It’s SATS week for our eldest daughter. She’s been working hard, doing past papers, mock exams and revision. She’s 11. It’s put quite a bit of stress on her and on the rest of us. For what? So the school can maintain its position in the league tables. I can’t blame the school, especially now they’ve gone to academy status, and reputation is all important. And it does give her some experience of exam pressure and the skills needed to revise effectively.
As vice chair of governors at the first school where our youngest daughter attends, I was lucky enough to attend a small conference last week discussing federation. This is where a number of schools come together (in a federation) and while retaining individual school sites and character, everything else is shared. These federations inevitably become multi school academies. It will be interesting to see which way our first school will be going.
Apparently the Department for Education wants over half of all schools to be academies by the election. You can imagine what this will mean for the education role of Local Authorities, ie there won’t be much of one, apart from competing to provide services to schools. The clear intention is to introduce changes which are effectively irreversible.
I can’t help drawing a comparison with the future of Natural England, Environment Agency and the Forestry Commission – and of course Defra.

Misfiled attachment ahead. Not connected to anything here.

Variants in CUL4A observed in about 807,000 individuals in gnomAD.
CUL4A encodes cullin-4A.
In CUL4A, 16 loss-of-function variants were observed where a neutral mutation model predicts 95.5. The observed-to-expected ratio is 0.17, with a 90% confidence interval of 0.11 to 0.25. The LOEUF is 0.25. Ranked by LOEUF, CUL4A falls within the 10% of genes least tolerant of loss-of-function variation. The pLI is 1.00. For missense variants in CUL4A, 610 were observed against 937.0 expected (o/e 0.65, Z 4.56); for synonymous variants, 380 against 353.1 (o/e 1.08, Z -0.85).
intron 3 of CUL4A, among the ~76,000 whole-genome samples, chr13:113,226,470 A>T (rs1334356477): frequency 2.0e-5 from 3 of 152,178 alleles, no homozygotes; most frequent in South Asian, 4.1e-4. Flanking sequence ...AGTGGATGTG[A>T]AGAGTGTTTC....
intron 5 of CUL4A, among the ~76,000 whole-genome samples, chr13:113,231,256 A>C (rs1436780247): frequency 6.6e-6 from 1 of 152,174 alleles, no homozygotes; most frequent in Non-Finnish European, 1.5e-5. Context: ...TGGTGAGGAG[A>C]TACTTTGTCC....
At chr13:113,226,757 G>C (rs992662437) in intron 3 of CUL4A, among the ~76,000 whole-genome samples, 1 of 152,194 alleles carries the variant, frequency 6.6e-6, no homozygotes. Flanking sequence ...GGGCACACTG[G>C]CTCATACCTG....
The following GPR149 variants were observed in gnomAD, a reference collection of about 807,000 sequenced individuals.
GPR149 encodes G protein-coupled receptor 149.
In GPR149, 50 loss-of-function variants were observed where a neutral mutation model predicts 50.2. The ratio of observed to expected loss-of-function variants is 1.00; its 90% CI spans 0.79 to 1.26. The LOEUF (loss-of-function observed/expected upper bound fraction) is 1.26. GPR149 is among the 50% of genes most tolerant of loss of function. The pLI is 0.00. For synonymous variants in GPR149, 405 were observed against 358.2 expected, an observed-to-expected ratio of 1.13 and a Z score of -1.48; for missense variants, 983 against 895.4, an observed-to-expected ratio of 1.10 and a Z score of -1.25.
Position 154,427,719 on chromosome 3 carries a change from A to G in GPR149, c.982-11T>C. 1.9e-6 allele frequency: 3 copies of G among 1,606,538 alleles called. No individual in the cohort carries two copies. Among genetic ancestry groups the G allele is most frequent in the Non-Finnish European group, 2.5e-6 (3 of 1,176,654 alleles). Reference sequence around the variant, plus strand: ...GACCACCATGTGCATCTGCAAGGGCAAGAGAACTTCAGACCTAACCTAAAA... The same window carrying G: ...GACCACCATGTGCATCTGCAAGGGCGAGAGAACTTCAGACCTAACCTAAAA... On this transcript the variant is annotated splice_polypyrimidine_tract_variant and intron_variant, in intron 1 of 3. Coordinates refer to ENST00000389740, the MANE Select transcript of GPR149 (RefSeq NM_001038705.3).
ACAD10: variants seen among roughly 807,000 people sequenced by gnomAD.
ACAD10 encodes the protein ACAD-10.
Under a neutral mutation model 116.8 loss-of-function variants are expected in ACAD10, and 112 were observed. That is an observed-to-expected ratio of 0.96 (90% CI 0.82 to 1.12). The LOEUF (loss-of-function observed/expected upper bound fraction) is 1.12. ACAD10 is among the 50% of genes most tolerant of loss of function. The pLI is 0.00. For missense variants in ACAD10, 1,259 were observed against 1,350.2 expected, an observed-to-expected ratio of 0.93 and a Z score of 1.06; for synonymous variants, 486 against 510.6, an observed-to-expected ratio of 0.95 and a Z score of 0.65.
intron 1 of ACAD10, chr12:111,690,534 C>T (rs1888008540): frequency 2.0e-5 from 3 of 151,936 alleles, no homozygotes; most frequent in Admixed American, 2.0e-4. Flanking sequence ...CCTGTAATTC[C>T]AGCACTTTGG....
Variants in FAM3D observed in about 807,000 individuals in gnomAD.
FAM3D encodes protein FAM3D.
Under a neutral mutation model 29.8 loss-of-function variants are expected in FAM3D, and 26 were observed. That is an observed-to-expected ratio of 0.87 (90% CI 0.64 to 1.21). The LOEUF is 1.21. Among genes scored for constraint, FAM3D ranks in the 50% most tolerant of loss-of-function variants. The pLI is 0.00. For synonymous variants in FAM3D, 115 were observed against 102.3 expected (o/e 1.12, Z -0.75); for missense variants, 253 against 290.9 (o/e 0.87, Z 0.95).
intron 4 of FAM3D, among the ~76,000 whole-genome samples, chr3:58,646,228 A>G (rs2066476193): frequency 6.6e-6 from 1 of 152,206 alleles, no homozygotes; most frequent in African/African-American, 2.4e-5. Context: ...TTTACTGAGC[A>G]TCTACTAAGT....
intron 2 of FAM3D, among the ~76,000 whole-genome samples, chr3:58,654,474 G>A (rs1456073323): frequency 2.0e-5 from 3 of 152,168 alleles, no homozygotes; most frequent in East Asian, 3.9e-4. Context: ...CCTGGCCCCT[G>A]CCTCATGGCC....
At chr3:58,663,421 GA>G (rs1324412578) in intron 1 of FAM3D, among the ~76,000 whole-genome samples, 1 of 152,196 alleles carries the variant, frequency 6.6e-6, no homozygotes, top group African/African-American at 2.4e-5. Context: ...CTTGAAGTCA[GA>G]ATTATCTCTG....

We are already seeing plans for even more radical reform of the civil service (http://www.independent.co.uk/news/uk/politics/radical-plans-to-make-top-mandarins-chief-executives-8612465.html) ; merging or closer working of NE and EA (from the triennial review), further deregulation via the Red Tape Challenge; and the little trumpeted Queens Speech announcement to place a “growth duty” on NE, EA and others.
The Review of Competencies of European Legislation such as the Natura Directives, the EIA Directive and the Water Framework Directive, combined with further pressure to fundamentally renegotiate our relationship with the EU, could also see the emasculation of those European laws that underpin much of our most effective protection mechanisms for the environment.
As with education, it seems to me that changes are being put in place now in environmental policy and legislation that will be as difficult or near to impossible to reverse as possible.